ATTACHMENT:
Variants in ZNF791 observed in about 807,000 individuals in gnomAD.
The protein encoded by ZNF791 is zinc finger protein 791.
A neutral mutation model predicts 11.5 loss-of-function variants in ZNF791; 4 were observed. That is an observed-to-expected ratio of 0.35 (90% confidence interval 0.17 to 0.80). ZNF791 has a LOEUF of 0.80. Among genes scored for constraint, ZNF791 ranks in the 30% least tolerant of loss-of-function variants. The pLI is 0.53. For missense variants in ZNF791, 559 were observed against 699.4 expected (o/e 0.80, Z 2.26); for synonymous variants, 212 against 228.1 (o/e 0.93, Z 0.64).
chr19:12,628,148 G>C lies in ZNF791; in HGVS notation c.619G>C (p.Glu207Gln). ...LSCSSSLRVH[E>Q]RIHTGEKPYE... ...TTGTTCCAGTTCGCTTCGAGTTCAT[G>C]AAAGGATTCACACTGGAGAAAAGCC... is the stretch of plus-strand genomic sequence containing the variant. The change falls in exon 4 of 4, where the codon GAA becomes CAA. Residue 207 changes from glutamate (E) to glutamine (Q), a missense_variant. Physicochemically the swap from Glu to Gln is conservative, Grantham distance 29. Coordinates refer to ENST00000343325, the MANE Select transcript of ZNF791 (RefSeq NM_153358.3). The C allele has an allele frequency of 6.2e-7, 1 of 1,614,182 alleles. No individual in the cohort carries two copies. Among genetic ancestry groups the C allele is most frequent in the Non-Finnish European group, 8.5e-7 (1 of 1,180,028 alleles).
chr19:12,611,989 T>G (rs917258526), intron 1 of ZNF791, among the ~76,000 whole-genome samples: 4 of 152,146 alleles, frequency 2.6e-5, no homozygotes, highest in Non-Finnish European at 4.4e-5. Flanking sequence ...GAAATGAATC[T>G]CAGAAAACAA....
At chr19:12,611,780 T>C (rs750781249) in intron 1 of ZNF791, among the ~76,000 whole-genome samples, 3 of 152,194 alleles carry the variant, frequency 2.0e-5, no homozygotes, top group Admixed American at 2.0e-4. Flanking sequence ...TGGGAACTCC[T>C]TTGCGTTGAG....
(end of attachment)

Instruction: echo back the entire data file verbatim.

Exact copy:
Variants in ZNF791 observed in about 807,000 individuals in gnomAD.
The protein encoded by ZNF791 is zinc finger protein 791.
A neutral mutation model predicts 11.5 loss-of-function variants in ZNF791; 4 were observed. That is an observed-to-expected ratio of 0.35 (90% confidence interval 0.17 to 0.80). ZNF791 has a LOEUF of 0.80. Among genes scored for constraint, ZNF791 ranks in the 30% least tolerant of loss-of-function variants. The pLI is 0.53. For missense variants in ZNF791, 559 were observed against 699.4 expected (o/e 0.80, Z 2.26); for synonymous variants, 212 against 228.1 (o/e 0.93, Z 0.64).
chr19:12,628,148 G>C lies in ZNF791; in HGVS notation c.619G>C (p.Glu207Gln). ...LSCSSSLRVH[E>Q]RIHTGEKPYE... ...TTGTTCCAGTTCGCTTCGAGTTCAT[G>C]AAAGGATTCACACTGGAGAAAAGCC... is the stretch of plus-strand genomic sequence containing the variant. The change falls in exon 4 of 4, where the codon GAA becomes CAA. Residue 207 changes from glutamate (E) to glutamine (Q), a missense_variant. Physicochemically the swap from Glu to Gln is conservative, Grantham distance 29. Coordinates refer to ENST00000343325, the MANE Select transcript of ZNF791 (RefSeq NM_153358.3). The C allele has an allele frequency of 6.2e-7, 1 of 1,614,182 alleles. No individual in the cohort carries two copies. Among genetic ancestry groups the C allele is most frequent in the Non-Finnish European group, 8.5e-7 (1 of 1,180,028 alleles).
chr19:12,611,989 T>G (rs917258526), intron 1 of ZNF791, among the ~76,000 whole-genome samples: 4 of 152,146 alleles, frequency 2.6e-5, no homozygotes, highest in Non-Finnish European at 4.4e-5. Flanking sequence ...GAAATGAATC[T>G]CAGAAAACAA....
At chr19:12,611,780 T>C (rs750781249) in intron 1 of ZNF791, among the ~76,000 whole-genome samples, 3 of 152,194 alleles carry the variant, frequency 2.0e-5, no homozygotes, top group Admixed American at 2.0e-4. Flanking sequence ...TGGGAACTCC[T>C]TTGCGTTGAG....